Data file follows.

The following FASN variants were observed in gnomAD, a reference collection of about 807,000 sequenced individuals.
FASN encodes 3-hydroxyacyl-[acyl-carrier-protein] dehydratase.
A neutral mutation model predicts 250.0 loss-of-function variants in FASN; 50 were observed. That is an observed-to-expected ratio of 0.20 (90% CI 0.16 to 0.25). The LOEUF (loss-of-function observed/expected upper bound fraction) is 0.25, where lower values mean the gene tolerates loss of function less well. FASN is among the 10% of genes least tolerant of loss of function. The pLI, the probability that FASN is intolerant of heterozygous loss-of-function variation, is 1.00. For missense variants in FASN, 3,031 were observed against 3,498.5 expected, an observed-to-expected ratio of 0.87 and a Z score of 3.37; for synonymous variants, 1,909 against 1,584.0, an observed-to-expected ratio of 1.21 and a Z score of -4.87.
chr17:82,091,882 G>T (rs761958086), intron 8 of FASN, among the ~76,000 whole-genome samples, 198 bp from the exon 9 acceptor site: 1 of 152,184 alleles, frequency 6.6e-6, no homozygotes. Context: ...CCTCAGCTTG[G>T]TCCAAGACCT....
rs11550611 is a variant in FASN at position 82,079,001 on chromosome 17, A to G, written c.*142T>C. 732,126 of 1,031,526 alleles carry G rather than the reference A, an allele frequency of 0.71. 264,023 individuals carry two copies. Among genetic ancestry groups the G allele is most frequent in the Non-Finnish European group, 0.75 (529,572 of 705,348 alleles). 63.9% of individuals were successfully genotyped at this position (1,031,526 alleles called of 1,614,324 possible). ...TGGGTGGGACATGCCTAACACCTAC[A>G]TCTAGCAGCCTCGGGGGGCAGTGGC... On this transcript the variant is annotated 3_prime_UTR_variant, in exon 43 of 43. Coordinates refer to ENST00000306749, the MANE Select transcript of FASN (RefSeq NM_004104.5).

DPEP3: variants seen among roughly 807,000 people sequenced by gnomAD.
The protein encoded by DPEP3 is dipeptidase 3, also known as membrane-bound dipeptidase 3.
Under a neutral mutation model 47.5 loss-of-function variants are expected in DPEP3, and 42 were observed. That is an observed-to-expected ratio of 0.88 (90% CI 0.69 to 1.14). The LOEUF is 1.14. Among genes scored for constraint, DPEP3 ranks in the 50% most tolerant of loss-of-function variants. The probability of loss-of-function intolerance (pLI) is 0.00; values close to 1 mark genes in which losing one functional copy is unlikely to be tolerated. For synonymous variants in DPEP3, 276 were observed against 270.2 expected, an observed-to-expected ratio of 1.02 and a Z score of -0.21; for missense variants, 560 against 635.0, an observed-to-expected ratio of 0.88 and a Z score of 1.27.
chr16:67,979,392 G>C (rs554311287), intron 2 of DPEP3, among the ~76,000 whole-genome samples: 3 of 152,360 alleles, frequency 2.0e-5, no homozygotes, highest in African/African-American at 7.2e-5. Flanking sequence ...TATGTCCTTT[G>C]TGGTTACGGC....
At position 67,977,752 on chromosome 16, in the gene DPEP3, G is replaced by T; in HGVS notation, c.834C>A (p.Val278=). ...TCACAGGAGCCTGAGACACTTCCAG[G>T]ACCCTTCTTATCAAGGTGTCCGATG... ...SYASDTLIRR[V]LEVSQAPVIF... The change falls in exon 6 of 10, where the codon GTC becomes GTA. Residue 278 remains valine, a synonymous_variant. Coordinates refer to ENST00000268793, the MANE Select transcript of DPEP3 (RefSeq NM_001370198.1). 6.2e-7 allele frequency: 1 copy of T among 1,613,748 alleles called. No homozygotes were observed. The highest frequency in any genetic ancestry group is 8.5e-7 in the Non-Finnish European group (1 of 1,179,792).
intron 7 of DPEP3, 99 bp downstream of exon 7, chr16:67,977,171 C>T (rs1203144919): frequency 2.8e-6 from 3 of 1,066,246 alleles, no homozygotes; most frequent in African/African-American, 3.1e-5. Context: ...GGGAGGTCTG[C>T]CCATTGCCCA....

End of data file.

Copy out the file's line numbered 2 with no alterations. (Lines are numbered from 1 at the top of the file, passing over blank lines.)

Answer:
FASN encodes 3-hydroxyacyl-[acyl-carrier-protein] dehydratase.